When parents divorce, someone will see to it that the child has as much contact as possible with both parents. If the parents don't agree on a plan that promotes that idea, then the courts will order it done. Sole physical custody assigned to one parent will usually result in the other parent being awarded visitation. Read on to find out what might happen when things go wrong with visitation and the resulting adjustments.
Custody and Visitation – How Things Are Supposed to Work
Unless the parents decide to go with 50/50 (or shared) parenting, one parent will be deemed the sole physical custodian of the child. The child will primarily reside with this parent, but the other parent is awarded visitation according to a schedule. In most cases, visitation is carried out without problems. Sometimes, though, problems arise that call for the visitation to be changed to supervised-only visits.
When Child Visitation (or Custody) Goes Wrong
Parental behavior is at the core of custody and visitation issues. Regardless of the plans made when the divorce was final, any issue concerning a minor-aged child is never closed and can always be altered. Proven parental behavior like some of the below may call for changing custody from parent to the other and/or changing unsupervised visitation to supervised. By the way, allegations of any of the below must be proved using evidence like witnesses, photographs, videos, police reports, and more.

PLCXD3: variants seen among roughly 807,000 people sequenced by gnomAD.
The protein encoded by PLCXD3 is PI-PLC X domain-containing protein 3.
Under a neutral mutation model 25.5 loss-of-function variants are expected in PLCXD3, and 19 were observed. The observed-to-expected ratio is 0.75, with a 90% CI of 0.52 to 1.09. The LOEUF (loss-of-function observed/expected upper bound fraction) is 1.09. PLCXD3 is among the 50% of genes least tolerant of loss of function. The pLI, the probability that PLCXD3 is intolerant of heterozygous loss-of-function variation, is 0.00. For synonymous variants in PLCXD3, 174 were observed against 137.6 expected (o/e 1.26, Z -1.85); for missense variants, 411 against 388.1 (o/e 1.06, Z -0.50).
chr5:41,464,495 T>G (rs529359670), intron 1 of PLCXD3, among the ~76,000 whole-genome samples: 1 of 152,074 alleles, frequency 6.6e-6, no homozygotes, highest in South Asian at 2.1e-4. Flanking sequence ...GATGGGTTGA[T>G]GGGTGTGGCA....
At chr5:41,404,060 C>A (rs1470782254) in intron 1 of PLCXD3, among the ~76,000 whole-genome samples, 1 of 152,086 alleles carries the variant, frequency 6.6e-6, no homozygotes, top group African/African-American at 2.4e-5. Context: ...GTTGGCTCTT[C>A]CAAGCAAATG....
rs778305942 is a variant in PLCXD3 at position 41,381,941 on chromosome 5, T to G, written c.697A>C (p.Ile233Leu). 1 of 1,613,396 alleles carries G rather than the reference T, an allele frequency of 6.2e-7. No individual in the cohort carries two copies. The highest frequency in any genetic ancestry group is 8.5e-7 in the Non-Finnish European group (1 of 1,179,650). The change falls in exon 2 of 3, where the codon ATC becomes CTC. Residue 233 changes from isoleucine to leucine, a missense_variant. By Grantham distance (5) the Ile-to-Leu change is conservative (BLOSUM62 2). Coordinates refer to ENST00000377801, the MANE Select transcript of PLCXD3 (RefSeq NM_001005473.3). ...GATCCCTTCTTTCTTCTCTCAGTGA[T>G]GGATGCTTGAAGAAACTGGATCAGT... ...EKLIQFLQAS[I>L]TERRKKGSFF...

What Does Supervised Visitation Look Like?
All elements of a parental visit may be adjusted by the judge depending on the circumstances. That means the location, privacy, physical nearness, time, and frequency of visitation can be changed. Supervised means that a third-party person (not the other parent, however) be also present during 100% of the time spent with the child. The person may be a relative (not on the non-custodial parent's side) who is judged responsible or it might be a social worker or other court employees. The location of the visitation is often a public place like a restaurant, food court, or park, and overnight visitations are prohibited. Other common rules include:
Supervised visitation allows a child to safely visit with the non-custodial parent. For more information about visitation and working with a family attorney, contact a local law office.Share
3 November 2020
Just as there are laws to protect us on the roads, there are laws to protect our families. Whether you are fighting for the right to see your children, or are in the beginning stages of a divorce, a lawyer can help. There are many laws and stipulations that can have a serious impact on the outcome of any family legal situation. Having a lawyer working at your side to get through a difficult time is the only way to ensure that your rights are fully protected. On this site, you will learn about some of the family laws that could be impacting your life today.